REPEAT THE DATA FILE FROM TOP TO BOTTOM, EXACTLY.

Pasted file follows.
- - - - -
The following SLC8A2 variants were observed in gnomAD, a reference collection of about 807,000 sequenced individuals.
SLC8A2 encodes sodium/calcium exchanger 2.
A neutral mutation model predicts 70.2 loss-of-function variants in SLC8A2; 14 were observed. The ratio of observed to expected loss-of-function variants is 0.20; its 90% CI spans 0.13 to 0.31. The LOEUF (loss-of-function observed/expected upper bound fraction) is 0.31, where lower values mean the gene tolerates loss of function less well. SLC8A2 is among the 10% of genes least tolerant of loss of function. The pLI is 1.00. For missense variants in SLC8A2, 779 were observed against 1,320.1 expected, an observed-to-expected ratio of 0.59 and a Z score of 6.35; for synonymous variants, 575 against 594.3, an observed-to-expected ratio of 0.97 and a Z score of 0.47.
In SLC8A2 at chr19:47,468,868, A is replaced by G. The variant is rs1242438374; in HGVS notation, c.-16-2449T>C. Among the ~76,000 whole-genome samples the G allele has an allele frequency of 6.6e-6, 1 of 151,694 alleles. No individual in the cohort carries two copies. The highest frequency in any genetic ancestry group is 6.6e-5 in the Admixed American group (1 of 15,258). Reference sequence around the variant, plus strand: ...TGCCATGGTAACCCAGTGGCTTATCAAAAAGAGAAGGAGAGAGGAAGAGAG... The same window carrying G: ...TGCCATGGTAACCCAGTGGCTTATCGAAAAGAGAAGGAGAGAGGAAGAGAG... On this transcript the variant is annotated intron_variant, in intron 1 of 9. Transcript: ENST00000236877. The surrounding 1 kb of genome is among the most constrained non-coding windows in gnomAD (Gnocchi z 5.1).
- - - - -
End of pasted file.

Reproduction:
The following SLC8A2 variants were observed in gnomAD, a reference collection of about 807,000 sequenced individuals.
SLC8A2 encodes sodium/calcium exchanger 2.
A neutral mutation model predicts 70.2 loss-of-function variants in SLC8A2; 14 were observed. The ratio of observed to expected loss-of-function variants is 0.20; its 90% CI spans 0.13 to 0.31. The LOEUF (loss-of-function observed/expected upper bound fraction) is 0.31, where lower values mean the gene tolerates loss of function less well. SLC8A2 is among the 10% of genes least tolerant of loss of function. The pLI is 1.00. For missense variants in SLC8A2, 779 were observed against 1,320.1 expected, an observed-to-expected ratio of 0.59 and a Z score of 6.35; for synonymous variants, 575 against 594.3, an observed-to-expected ratio of 0.97 and a Z score of 0.47.
In SLC8A2 at chr19:47,468,868, A is replaced by G. The variant is rs1242438374; in HGVS notation, c.-16-2449T>C. Among the ~76,000 whole-genome samples the G allele has an allele frequency of 6.6e-6, 1 of 151,694 alleles. No individual in the cohort carries two copies. The highest frequency in any genetic ancestry group is 6.6e-5 in the Admixed American group (1 of 15,258). Reference sequence around the variant, plus strand: ...TGCCATGGTAACCCAGTGGCTTATCAAAAAGAGAAGGAGAGAGGAAGAGAG... The same window carrying G: ...TGCCATGGTAACCCAGTGGCTTATCGAAAAGAGAAGGAGAGAGGAAGAGAG... On this transcript the variant is annotated intron_variant, in intron 1 of 9. Transcript: ENST00000236877. The surrounding 1 kb of genome is among the most constrained non-coding windows in gnomAD (Gnocchi z 5.1).